The Arrival, a story about a man’s journey from his home to a new and foreign land, is told only through drawings.  The reader follows the man as he leaves his wife and daughter to begin a new life in a new and unusual city.  He travels across a vast ocean only to be thrown into a world he doesn’t understand with a language he can’t decipher.  He must find a place to live, food to eat, and a job to gain income in order to survive and thrive in this new world.  Along the way, he must reach out to people for help, and he soon comes to realize that while some people are not keen to aid outsiders, there are people who understand where he is coming from and are eager to assist him.  His persistence is what ultimately allows him to settle into this new world and establishes a life that his wife and daughter can easily join.

Besides persistence, the other main theme that struck me what the idea of belonging.  The man in the story is so lost and disoriented when he comes to this new place, and he struggles to feel comfortable and secure.  However, while he’s trying to establish his new life in this strange place, he meets people that he can connect with and understand where he is coming from.  He begins to prosper once he finds others who know what it’s like to be an outsider because he finds his “niche “.  This reminds me a lot of the stories my grandfather and grandmother tell me about my great grandparents who immigrated form Italy to the United States.  While their story is a little different than the man in the books (they knew people who were already in the US), they still had to overcome the feeling of being ostracized just because they were not American.  It took a while for my family to finally feel settled in America, but what finally made them feel like they belonged was finding a group of people who understood their struggles and could relate to the pain and homesickness they felt.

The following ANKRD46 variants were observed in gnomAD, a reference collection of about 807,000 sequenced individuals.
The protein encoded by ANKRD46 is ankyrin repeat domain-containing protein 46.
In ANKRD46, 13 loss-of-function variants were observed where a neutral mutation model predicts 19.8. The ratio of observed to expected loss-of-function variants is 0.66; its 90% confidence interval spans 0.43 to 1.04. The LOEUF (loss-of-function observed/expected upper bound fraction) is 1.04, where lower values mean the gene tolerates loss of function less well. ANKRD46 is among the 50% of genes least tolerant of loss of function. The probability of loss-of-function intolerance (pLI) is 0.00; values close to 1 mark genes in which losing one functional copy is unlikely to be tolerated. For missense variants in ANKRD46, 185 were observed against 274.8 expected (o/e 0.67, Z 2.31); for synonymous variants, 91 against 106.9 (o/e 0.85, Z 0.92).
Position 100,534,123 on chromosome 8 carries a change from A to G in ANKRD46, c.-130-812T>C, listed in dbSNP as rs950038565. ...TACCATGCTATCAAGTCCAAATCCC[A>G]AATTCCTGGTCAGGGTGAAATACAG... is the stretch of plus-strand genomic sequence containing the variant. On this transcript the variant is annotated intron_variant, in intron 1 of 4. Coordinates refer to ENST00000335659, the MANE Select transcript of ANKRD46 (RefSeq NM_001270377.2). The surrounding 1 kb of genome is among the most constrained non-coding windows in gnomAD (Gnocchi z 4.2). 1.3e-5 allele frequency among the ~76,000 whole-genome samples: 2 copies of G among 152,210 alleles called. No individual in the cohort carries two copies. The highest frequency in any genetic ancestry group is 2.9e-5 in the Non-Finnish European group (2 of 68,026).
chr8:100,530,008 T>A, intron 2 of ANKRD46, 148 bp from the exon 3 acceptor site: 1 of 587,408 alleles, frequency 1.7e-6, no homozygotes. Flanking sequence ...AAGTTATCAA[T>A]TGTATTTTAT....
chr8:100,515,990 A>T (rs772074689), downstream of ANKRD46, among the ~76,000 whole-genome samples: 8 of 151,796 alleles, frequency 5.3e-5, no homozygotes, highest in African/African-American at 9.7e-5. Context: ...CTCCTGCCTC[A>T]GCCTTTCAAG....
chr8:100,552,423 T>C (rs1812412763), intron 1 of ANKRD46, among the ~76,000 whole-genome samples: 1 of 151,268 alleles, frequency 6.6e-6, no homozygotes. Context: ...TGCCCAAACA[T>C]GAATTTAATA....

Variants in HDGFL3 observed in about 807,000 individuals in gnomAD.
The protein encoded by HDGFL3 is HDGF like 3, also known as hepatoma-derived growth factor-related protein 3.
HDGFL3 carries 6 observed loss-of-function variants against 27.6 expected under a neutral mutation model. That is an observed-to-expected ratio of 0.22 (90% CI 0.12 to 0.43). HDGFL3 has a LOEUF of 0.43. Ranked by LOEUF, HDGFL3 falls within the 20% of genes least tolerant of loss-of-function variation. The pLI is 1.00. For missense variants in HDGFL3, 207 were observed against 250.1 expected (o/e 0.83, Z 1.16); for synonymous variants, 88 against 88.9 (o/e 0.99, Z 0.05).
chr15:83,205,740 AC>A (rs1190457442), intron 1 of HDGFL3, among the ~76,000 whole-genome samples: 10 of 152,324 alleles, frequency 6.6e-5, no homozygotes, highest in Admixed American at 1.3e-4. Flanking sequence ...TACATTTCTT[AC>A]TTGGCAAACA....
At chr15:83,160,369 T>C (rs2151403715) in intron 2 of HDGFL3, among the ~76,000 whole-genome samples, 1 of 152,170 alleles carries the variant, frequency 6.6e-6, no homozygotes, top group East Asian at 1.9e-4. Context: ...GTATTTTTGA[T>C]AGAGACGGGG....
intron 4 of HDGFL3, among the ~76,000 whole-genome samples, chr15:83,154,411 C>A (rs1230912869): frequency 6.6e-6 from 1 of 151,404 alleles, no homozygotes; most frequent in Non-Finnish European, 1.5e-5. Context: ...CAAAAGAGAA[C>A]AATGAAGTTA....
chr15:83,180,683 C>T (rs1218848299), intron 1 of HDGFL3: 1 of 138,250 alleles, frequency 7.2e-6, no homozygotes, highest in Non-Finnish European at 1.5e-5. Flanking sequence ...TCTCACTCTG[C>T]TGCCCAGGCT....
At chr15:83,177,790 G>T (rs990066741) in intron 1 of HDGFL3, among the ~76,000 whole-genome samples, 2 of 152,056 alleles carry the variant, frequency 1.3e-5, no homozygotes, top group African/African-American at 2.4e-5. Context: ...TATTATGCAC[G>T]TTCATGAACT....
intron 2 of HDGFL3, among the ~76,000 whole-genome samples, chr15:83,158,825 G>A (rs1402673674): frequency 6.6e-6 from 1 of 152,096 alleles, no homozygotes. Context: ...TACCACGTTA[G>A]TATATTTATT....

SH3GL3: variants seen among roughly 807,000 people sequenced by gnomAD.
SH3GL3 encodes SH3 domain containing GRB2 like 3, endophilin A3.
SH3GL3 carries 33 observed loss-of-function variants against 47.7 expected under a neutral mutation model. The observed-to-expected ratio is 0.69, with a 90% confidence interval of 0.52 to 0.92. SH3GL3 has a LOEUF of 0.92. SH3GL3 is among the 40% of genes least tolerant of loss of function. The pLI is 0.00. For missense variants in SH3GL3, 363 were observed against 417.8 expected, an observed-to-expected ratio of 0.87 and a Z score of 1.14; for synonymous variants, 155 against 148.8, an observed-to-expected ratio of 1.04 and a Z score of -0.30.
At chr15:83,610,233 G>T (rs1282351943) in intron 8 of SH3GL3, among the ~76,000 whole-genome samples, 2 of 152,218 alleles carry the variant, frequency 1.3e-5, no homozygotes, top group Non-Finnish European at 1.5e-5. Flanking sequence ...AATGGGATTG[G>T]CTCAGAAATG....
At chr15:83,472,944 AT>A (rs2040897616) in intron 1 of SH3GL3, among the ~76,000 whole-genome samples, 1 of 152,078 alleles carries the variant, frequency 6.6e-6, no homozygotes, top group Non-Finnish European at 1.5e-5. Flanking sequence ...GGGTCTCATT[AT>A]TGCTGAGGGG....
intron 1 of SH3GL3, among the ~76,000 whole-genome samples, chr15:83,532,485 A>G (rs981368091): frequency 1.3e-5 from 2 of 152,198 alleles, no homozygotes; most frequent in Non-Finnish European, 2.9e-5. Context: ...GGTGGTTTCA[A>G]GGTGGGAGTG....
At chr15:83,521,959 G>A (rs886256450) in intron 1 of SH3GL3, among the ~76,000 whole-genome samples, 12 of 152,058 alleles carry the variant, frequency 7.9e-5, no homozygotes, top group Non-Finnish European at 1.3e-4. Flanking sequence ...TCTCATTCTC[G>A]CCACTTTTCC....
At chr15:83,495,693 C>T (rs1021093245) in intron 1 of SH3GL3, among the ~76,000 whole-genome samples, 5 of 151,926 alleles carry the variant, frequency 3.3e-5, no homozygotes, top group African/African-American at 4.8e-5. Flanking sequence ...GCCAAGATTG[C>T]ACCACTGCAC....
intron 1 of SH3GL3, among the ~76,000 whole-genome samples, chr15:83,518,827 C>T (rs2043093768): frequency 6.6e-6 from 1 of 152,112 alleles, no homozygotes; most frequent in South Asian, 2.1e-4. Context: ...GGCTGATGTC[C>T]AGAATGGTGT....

While I thought this picture book was a little intense for young children, I think that it’s true when they say, “a picture is worth a thousand words”.  The illustrator does a great job of detailing emotion in the characters’ faces, and I think these pictures would be a great tool for teaching children about emotions instead of using the usual cartoon faces.  This allows them to see it on a near human face.